Last week, Pete Davidson performed at Binghamton University. Davidson, who is known for his dark sense of humor, made a few comments during his set that stood out from the rest. At one point in the show, he said something along the lines of, “It’s just a joke, you guys can laugh. You don’t have to look around and make sure it’s okay to laugh.”
Sometimes, it does feel like you have to glance over your shoulder and make sure it’s appropriate to laugh at a joke. He also mentioned how difficult it is to be a comedian in this day and age because of how sensitive some audiences are — especially college students. As a result, Davidson will no longer be performing at colleges.
Many people want comedians to censor themselves, and stop joking about topics that are deemed offensive or distasteful. After the show, I saw a fellow BU student had tweeted that they thought a girl was cute until she said she thought Pete Davidson was funny when he joked around about suicide. Davidson has been very open about his struggles with mental health and thoughts of suicide in the past, just as he was at this show. Many college students struggle with anxiety and depression, and may be able to relate to some of the jokes Davidson makes about it. What is wrong with laughing about your pain and your struggles? While it may offend some to hear Davidson joke about the tragic issue of suicide, it may help others to know they are not alone. Davidson is essentially publicizing the topic of suicide and letting audiences know that it is okay to struggle with your mental health and speak out about it. By censoring Davidson on the topic of suicide, and judging others for relating or thinking there can be humor in dark things, you stigmatize the subject and silence those who use comedy as a means to talk about it.
Another issue comedians face is not necessarily their subject matter, but the language they use when discussing the subjects. For example, journalist Jon Ronson told the BBC that audiences no longer pick up on the nuances of jokes, saying that “Nobody seems to be able to tell the difference between a racist joke and a liberal joke that comments on racism.” People are so often on the lookout for statements that are politically incorrect that they overlook the context and are offended regardless.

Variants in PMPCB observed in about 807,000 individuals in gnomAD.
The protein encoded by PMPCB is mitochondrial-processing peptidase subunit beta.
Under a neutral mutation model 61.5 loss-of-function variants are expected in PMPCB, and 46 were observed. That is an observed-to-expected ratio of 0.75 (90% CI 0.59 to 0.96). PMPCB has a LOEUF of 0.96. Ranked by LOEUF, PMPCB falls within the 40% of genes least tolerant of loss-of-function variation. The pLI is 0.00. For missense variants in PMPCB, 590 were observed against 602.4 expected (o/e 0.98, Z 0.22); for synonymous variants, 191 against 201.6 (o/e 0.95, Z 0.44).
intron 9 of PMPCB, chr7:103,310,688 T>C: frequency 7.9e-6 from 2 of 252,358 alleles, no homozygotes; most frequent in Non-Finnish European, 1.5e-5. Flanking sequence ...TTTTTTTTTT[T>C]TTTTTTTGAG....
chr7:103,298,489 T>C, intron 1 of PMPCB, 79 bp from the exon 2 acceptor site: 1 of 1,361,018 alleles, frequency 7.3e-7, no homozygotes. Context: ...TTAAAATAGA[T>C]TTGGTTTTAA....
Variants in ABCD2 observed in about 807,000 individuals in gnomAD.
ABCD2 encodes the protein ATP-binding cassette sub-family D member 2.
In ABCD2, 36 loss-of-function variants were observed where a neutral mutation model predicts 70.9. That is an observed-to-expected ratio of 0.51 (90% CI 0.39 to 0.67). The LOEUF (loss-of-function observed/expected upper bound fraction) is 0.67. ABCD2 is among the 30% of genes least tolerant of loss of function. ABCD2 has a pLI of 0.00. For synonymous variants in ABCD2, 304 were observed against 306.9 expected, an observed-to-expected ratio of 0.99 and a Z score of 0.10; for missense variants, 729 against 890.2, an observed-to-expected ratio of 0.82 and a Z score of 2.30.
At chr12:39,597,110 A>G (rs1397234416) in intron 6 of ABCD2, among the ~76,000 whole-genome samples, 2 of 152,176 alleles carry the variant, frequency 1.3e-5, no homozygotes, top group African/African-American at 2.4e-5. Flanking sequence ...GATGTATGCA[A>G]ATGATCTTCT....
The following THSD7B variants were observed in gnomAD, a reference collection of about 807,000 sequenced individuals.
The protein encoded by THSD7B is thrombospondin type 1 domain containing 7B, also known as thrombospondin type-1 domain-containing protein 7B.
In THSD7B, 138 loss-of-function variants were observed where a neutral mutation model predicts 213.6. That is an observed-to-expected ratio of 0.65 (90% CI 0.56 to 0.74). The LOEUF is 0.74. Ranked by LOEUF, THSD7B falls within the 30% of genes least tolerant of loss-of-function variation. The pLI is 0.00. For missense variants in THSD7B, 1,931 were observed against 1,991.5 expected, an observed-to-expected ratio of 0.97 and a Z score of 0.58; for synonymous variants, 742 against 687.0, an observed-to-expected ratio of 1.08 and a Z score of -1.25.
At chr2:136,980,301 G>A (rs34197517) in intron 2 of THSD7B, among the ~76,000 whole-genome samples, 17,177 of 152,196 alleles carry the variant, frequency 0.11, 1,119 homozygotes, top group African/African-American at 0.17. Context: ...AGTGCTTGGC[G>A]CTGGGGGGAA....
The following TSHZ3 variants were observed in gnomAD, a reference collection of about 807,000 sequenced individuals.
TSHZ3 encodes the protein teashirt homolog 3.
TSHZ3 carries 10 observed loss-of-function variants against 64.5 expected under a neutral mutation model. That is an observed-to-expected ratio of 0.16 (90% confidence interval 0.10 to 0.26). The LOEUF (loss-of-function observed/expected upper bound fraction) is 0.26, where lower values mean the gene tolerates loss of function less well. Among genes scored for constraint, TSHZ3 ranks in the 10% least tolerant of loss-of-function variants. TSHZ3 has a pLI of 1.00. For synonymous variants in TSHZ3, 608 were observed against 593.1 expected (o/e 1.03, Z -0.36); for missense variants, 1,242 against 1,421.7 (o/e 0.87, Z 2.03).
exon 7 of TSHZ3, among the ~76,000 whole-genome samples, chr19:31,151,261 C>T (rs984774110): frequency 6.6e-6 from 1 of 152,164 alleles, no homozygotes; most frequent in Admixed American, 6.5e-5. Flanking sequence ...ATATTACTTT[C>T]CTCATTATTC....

Additionally, comedians making jokes that are deemed offensive does not actually mean that these comedians hold offensive beliefs. Comedy is a form of art and entertainment, and the people making these jokes aren’t necessarily people with bad beliefs. We should draw our attention to stopping those people who confuse comedy with an opportunity to say hurtful things — ‘canceling’ these racist, sexist and homophobic people instead. On the other hand, I should note that when it comes to comedy, I do not believe that all bets are off. Simply standing on stage with a microphone does not give you the right to be problematic. For example, new Saturday Night Live hire and costar to Davidson, Shane Gillis, is currently under fire for using racial slurs. While I do think there is a place in comedy to push boundaries and shock audiences, Gillis and his racial slurs are not funny and push no boundaries. It is one thing to joke about yourself or call out the privileged in society, but blatant racism cannot be excused. There is a clear difference between using comedy to make social commentary and being offensive for the sake of being offensive.
Lastly, if you don’t want to be offended, avoid watching notoriously offensive comedians. I agree with Davidson’s decision to stop performing at colleges because there is no point in performing to an audience that finds the material problematic rather than funny. There are obviously people out there who find Davidson funny and it is better that he perform for them rather than defend himself against college students. Comedian Lisa Lampanelli summed it up well by saying, “If you like safe, generic comedy, that’s fine. Go on a cruise ship and crack up listening to the comedian point out the hilarious differences between loafers and shoes with laces. But don’t go to one of my shows and be outraged by what you hear. Going to my show and expecting me not to cross the line of good taste and social propriety is like going to a Rolling Stones concert and expecting not to hear ‘Satisfaction.’”
We need to work to understand the differences between being funny and being offensive. That line isn’t the same for everybody, and it may never be, but discussing where that line lies can help determine what humor is really acceptable. With that in mind, not everything that seems problematic on the surface always is, but we should continue fighting against things that are genuinely hateful and hurtful.
Sophie Miller is a junior majoring in English.